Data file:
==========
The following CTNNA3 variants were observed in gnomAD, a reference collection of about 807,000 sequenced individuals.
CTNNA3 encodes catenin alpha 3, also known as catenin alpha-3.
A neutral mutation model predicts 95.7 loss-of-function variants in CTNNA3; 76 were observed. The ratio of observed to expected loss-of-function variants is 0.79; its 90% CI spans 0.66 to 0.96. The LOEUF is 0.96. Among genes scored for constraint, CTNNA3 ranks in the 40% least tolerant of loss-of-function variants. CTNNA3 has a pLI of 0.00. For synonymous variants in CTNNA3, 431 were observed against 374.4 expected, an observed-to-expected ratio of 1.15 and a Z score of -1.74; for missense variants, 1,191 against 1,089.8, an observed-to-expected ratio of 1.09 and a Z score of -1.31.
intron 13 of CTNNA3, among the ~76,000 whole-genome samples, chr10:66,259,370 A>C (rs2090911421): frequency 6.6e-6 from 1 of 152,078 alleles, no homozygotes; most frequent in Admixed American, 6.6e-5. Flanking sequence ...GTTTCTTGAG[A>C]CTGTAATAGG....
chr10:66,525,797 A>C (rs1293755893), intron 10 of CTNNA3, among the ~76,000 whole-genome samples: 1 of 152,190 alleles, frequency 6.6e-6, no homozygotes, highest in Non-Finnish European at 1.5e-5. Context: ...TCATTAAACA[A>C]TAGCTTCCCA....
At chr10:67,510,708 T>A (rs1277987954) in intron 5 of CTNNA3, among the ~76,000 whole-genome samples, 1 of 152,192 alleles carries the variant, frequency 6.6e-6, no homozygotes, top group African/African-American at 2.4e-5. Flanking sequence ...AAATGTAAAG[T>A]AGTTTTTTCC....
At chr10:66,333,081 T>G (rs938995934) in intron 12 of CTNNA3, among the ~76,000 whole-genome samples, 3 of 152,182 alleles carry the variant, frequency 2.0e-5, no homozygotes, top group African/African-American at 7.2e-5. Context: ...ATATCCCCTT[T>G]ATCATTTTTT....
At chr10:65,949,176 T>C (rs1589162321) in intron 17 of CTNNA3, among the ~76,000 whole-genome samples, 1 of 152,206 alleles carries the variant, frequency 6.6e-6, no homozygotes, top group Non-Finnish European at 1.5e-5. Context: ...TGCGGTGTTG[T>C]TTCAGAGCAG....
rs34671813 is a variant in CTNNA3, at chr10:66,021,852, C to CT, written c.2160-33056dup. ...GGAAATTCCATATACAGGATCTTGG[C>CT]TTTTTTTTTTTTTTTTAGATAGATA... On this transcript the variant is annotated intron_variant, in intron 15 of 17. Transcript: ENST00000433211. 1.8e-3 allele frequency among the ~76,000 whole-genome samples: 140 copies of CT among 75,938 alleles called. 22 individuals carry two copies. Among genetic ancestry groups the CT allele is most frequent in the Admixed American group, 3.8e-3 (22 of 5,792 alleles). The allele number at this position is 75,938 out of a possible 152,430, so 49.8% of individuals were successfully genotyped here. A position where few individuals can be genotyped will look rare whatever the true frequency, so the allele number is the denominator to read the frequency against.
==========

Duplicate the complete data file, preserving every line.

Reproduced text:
The following CTNNA3 variants were observed in gnomAD, a reference collection of about 807,000 sequenced individuals.
CTNNA3 encodes catenin alpha 3, also known as catenin alpha-3.
A neutral mutation model predicts 95.7 loss-of-function variants in CTNNA3; 76 were observed. The ratio of observed to expected loss-of-function variants is 0.79; its 90% CI spans 0.66 to 0.96. The LOEUF is 0.96. Among genes scored for constraint, CTNNA3 ranks in the 40% least tolerant of loss-of-function variants. CTNNA3 has a pLI of 0.00. For synonymous variants in CTNNA3, 431 were observed against 374.4 expected, an observed-to-expected ratio of 1.15 and a Z score of -1.74; for missense variants, 1,191 against 1,089.8, an observed-to-expected ratio of 1.09 and a Z score of -1.31.
intron 13 of CTNNA3, among the ~76,000 whole-genome samples, chr10:66,259,370 A>C (rs2090911421): frequency 6.6e-6 from 1 of 152,078 alleles, no homozygotes; most frequent in Admixed American, 6.6e-5. Flanking sequence ...GTTTCTTGAG[A>C]CTGTAATAGG....
chr10:66,525,797 A>C (rs1293755893), intron 10 of CTNNA3, among the ~76,000 whole-genome samples: 1 of 152,190 alleles, frequency 6.6e-6, no homozygotes, highest in Non-Finnish European at 1.5e-5. Context: ...TCATTAAACA[A>C]TAGCTTCCCA....
At chr10:67,510,708 T>A (rs1277987954) in intron 5 of CTNNA3, among the ~76,000 whole-genome samples, 1 of 152,192 alleles carries the variant, frequency 6.6e-6, no homozygotes, top group African/African-American at 2.4e-5. Flanking sequence ...AAATGTAAAG[T>A]AGTTTTTTCC....
At chr10:66,333,081 T>G (rs938995934) in intron 12 of CTNNA3, among the ~76,000 whole-genome samples, 3 of 152,182 alleles carry the variant, frequency 2.0e-5, no homozygotes, top group African/African-American at 7.2e-5. Context: ...ATATCCCCTT[T>G]ATCATTTTTT....
At chr10:65,949,176 T>C (rs1589162321) in intron 17 of CTNNA3, among the ~76,000 whole-genome samples, 1 of 152,206 alleles carries the variant, frequency 6.6e-6, no homozygotes, top group Non-Finnish European at 1.5e-5. Context: ...TGCGGTGTTG[T>C]TTCAGAGCAG....
rs34671813 is a variant in CTNNA3, at chr10:66,021,852, C to CT, written c.2160-33056dup. ...GGAAATTCCATATACAGGATCTTGG[C>CT]TTTTTTTTTTTTTTTTAGATAGATA... On this transcript the variant is annotated intron_variant, in intron 15 of 17. Transcript: ENST00000433211. 1.8e-3 allele frequency among the ~76,000 whole-genome samples: 140 copies of CT among 75,938 alleles called. 22 individuals carry two copies. Among genetic ancestry groups the CT allele is most frequent in the Admixed American group, 3.8e-3 (22 of 5,792 alleles). The allele number at this position is 75,938 out of a possible 152,430, so 49.8% of individuals were successfully genotyped here. A position where few individuals can be genotyped will look rare whatever the true frequency, so the allele number is the denominator to read the frequency against.